The basics, first: Nora is a group of three women dancers: Stephanie McMann, Eleanor Sikorsky and Flora Wellesley Wesley. All have wide experience of different types of performance and theatre craft; and in creating Nora they wanted to turn the tables on the normal creative process. Stephanie McMann explains:
‘We invite the choreographers to make on us, reversing the traditional role of dancers being invited to work with the choreographer. So, it’s dancers taking on curation, it’s acknowledging the dancers’ voices (…) and taking back agency.’
For their current project, Nora invited the American choreographer Deborah Hay, who’s been described as 'one of the most influential representatives of post-modern dance,’ to create a work on them.
Nora - Deborah Hay, Where Home Is
Over five weeks in November, Hay, whose dancing career started in the 1960s with Merce Cunningham and diversified from there, worked with Nora to create Where Home Is.
At first sight, the notion of ‘home’ seems disconnected from what is primarily a very abstract piece of work occurring on a bare stage, where for a lengthy initial section each dancer seems preoccupied solely with her own section of individual movement, which in itself appears arbitrary.
Eleanor Sikorsky: ‘Where Home Is is about finding home within your own body, finding home within the trio that you’re dancing in (…) and it relates closely to the tools that Deborah gives us to develop our own practice, which are all about how we perceive the world and connect with our environment.’
Once you know that, everything falls into place, including the working method, which starts from Deborah Hay’s well-defined initial concept, but allows the dancers a lot of individual and collective input. That way, Where Home Is continues to evolve with each rehearsal – and Nora are rehearsing intensively until the world premiere at the Lilian Baylis studio on 24 April.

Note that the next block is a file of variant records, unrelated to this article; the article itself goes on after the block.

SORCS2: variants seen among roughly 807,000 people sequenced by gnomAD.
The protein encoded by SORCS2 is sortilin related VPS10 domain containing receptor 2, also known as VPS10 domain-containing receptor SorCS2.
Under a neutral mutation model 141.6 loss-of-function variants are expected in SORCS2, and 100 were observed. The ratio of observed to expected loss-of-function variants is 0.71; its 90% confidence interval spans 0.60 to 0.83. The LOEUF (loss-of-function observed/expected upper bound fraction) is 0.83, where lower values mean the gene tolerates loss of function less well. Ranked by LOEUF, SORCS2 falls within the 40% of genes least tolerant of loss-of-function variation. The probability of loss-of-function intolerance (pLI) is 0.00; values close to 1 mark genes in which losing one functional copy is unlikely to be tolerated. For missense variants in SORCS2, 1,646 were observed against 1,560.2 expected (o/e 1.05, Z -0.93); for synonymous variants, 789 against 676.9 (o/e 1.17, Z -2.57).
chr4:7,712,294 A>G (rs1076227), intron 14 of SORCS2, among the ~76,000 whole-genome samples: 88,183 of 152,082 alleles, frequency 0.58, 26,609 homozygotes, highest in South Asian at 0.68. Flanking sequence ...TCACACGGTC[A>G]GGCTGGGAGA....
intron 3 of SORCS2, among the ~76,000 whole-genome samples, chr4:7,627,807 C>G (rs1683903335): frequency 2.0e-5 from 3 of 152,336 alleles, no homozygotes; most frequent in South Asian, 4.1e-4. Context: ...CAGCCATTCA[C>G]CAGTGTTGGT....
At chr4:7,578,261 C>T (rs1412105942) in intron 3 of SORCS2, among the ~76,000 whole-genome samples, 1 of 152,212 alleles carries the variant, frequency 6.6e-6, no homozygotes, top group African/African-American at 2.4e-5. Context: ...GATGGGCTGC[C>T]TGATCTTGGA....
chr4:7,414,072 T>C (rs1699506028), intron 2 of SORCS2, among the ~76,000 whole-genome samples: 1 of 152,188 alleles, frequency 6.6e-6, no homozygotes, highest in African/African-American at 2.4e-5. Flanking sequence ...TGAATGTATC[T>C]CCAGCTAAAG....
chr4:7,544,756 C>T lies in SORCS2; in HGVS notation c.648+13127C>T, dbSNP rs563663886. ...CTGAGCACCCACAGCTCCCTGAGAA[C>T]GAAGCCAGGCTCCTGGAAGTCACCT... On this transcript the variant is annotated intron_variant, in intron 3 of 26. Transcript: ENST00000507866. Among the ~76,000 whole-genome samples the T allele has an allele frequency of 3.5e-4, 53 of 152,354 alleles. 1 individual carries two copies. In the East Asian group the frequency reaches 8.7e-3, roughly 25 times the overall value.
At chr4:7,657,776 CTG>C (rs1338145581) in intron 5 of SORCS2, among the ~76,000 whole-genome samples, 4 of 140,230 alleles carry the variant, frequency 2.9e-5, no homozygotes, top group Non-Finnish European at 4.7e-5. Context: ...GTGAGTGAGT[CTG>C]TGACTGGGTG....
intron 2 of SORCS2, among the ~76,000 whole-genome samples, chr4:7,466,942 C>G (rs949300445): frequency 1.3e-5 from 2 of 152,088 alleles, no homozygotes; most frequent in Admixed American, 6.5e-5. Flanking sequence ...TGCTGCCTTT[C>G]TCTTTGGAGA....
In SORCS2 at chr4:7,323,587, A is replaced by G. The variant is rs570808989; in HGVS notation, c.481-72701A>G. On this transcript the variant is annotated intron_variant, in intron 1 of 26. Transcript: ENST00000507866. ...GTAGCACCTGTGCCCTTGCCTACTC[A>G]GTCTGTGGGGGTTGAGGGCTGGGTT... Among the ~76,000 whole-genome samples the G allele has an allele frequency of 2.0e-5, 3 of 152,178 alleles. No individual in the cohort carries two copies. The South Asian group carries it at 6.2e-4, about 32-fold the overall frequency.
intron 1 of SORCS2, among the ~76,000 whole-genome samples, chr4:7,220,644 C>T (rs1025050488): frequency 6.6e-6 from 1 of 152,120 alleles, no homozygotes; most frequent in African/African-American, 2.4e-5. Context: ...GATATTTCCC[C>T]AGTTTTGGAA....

Where Home Is is not an easy piece to watch cold. For one thing, there is no music or any kind of soundscape until almost the very end, when a recorded childish voice sings a version of Cole Porter’s Don’t Fence Me In. The earlier silence is sometimes broken by the performers themselves, either in eerie little songs or when they loudly and urgently call on Flora to dance.
The second part of the show, Playing Audience, sharpens the focus. After the end of the performance proper, Nora return to the stage to, in the words of Flora Wellesley Wesley, ‘lift the lid on the experience we engage in in the studio.’
Eleanor describes the process: ‘We introduce ourselves, we introduce various tools for watching and then we give the audience an opportunity to practice watching (…) to think of how their perception of us on stage changes.’
Watching Nora perform you get a fascinating glimpse of where contemporary dancing is going. At 30 minutes long Where Home Is is short and intense and feels somehow significant, a challenge worth accepting.
|What||Nora Invites Deborah Hay – Where Home Is, Lilian Baylis Studio|
|Where||Sadler's Wells, Rosebery Avenue, London, EC1R 4TN | MAP|
|Nearest tube||Angel (underground)|
24 Apr 19 – 25 Apr 19, 20:00 Dur.: 50 mins approx
|Website||Click here to book via Sadler's Wells website|